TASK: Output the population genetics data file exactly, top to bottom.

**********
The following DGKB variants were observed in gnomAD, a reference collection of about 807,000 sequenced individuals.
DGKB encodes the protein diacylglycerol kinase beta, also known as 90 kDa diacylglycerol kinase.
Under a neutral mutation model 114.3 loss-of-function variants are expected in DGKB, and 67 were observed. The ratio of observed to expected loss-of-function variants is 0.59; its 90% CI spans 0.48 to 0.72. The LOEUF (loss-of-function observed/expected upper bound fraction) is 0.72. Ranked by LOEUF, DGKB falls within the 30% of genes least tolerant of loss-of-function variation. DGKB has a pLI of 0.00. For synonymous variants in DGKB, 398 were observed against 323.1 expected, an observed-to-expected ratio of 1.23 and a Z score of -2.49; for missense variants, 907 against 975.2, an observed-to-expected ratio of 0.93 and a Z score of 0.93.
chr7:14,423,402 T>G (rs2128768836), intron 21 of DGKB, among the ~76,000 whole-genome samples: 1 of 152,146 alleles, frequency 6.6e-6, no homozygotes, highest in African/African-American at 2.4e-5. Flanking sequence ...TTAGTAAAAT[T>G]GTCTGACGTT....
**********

The following DGKB variants were observed in gnomAD, a reference collection of about 807,000 sequenced individuals.
DGKB encodes the protein diacylglycerol kinase beta, also known as 90 kDa diacylglycerol kinase.
Under a neutral mutation model 114.3 loss-of-function variants are expected in DGKB, and 67 were observed. The ratio of observed to expected loss-of-function variants is 0.59; its 90% CI spans 0.48 to 0.72. The LOEUF (loss-of-function observed/expected upper bound fraction) is 0.72. Ranked by LOEUF, DGKB falls within the 30% of genes least tolerant of loss-of-function variation. DGKB has a pLI of 0.00. For synonymous variants in DGKB, 398 were observed against 323.1 expected, an observed-to-expected ratio of 1.23 and a Z score of -2.49; for missense variants, 907 against 975.2, an observed-to-expected ratio of 0.93 and a Z score of 0.93.
chr7:14,423,402 T>G (rs2128768836), intron 21 of DGKB, among the ~76,000 whole-genome samples: 1 of 152,146 alleles, frequency 6.6e-6, no homozygotes, highest in African/African-American at 2.4e-5. Flanking sequence ...TTAGTAAAAT[T>G]GTCTGACGTT....